At a time when women’s reproductive rights are being called into question - and the TV adaptation of The Handmaid’s Tale in which wombs are considered state property feels scarily apt - groups of women across the UK women are coming together to reclaim and to celebrate the power of their menstrual cycle. In Red Tent gatherings, they gather once a month to provide mutual emotional support. The closely related Red School is teaching women how to live in tune with the phases of their cycle to optimise their physical and psychological health. What’s more, this approach is starting to spread: forward-looking companies are recognising that, in giving women time off according to their menses they empower happier and more productive employees. In short, there is a growing understanding that, instead of considering it necessarily painful, or something embarrassing and taboo, there is great value in embracing our menstrual cycle.
Truth be told, I’d been hesitant when I walked into a sunny sitting room in North London to experience my first Red Tent: what might I discover here that I couldn’t over a bottle of red wine at home? A disparate group was assembled - some twelve women aged between 20 and 60, a mix of full time mothers and various professions, all wearing something red in honour of the experience. “Don’t worry,” smiled one. “I wasn’t totally sure when I first came here either.”
As we sat in a circle, we were encouraged to speak whenever we wanted to, but not to respond to the other speakers: the idea is to create a space without judgement, where you can share as you wish. And, as each of us spoke, something marvellous happened. The mask we all wear in our daily lives came down, and we each recounted our fears, our vulnerabilities. I was overcome with a feeling of solace and sisterhood.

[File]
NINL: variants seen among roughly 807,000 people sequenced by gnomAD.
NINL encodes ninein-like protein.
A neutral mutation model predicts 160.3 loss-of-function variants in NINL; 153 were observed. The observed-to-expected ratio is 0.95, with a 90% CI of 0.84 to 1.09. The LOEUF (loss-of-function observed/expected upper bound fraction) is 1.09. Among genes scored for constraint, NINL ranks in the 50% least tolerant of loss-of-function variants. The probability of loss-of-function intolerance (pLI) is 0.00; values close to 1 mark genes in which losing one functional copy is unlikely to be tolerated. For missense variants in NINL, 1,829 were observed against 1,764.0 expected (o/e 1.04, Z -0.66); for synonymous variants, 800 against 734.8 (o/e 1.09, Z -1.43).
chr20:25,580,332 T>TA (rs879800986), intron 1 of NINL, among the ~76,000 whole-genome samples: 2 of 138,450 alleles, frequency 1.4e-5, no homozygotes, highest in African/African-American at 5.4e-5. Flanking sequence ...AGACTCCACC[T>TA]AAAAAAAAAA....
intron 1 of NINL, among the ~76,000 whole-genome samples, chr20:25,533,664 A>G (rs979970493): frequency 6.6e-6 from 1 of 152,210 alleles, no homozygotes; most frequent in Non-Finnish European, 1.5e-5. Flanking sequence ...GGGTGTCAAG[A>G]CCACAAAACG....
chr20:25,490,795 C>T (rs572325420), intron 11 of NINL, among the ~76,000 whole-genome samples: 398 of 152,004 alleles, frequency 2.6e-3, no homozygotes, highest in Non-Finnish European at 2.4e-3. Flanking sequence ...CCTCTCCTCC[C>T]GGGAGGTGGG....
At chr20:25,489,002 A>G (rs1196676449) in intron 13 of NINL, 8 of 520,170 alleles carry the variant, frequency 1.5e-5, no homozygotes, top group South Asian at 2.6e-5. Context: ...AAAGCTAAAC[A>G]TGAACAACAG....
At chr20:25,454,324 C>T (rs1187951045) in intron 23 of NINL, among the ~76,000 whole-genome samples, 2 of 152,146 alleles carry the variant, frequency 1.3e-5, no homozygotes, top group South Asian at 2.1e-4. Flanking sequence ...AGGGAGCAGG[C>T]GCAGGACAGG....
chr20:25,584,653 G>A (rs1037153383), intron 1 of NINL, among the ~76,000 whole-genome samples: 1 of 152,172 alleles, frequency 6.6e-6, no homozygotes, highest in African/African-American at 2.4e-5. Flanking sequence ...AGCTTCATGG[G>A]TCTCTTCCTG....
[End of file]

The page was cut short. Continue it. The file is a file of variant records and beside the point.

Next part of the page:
There was something profoundly moving about speaking, and being heard in this safe, feminine space.
Today’s Red Tents or Moon Lodges are inspired by ancient ritual: tradition in biblical tribes was for menstruating women spent time resting together (and, back then, gathering strength in the hope of heightened fertility). As women’s cycles tend not to be in sync, they are now held according to the lunar cycle. “The new moon is about letting go of things you don’t need any more, and about intention setting,” says Stoke Newington tent facilitator Madeleine Lustigman, 37, who works for a charitable foundation. “There is not much opportunity today for women to practise self care. People often expect the experience to be hippy dippy and a bit alien, then find it to be really powerful.” Certainly I did, sharing secrets I have not sure I have told my husband.
There are some 60 Red Tent groups listed in the UK in the redtentdirectory.com, and likely more which are privately arranged. “We often talk about cycles and bleeding and being a woman,” Lustigman continues, noting that many people come having read the work of Alexandra Pope. A long time advocate of living in tune with the female body Pope has recently published Wild Power, a book dedicated to explaining the power is latent in the rhythm of our cycle, if only we know how to claim it.